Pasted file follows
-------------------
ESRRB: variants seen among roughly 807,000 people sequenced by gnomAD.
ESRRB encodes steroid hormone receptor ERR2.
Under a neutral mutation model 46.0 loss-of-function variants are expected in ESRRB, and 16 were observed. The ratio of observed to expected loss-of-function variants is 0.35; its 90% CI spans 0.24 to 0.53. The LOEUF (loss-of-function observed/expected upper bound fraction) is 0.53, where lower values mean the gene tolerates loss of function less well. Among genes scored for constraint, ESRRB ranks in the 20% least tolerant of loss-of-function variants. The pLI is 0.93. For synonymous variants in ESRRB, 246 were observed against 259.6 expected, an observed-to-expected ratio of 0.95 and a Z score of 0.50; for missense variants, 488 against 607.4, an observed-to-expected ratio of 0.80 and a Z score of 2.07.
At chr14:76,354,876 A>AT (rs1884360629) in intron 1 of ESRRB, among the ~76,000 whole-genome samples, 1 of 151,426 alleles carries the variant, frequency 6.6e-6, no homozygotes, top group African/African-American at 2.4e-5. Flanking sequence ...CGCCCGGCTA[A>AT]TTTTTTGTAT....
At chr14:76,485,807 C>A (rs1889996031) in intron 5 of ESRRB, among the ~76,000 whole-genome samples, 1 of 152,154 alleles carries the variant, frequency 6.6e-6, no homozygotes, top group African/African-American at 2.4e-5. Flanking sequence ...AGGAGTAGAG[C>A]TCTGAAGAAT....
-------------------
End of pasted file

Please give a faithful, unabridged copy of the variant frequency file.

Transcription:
ESRRB: variants seen among roughly 807,000 people sequenced by gnomAD.
ESRRB encodes steroid hormone receptor ERR2.
Under a neutral mutation model 46.0 loss-of-function variants are expected in ESRRB, and 16 were observed. The ratio of observed to expected loss-of-function variants is 0.35; its 90% CI spans 0.24 to 0.53. The LOEUF (loss-of-function observed/expected upper bound fraction) is 0.53, where lower values mean the gene tolerates loss of function less well. Among genes scored for constraint, ESRRB ranks in the 20% least tolerant of loss-of-function variants. The pLI is 0.93. For synonymous variants in ESRRB, 246 were observed against 259.6 expected, an observed-to-expected ratio of 0.95 and a Z score of 0.50; for missense variants, 488 against 607.4, an observed-to-expected ratio of 0.80 and a Z score of 2.07.
At chr14:76,354,876 A>AT (rs1884360629) in intron 1 of ESRRB, among the ~76,000 whole-genome samples, 1 of 151,426 alleles carries the variant, frequency 6.6e-6, no homozygotes, top group African/African-American at 2.4e-5. Flanking sequence ...CGCCCGGCTA[A>AT]TTTTTTGTAT....
At chr14:76,485,807 C>A (rs1889996031) in intron 5 of ESRRB, among the ~76,000 whole-genome samples, 1 of 152,154 alleles carries the variant, frequency 6.6e-6, no homozygotes, top group African/African-American at 2.4e-5. Flanking sequence ...AGGAGTAGAG[C>A]TCTGAAGAAT....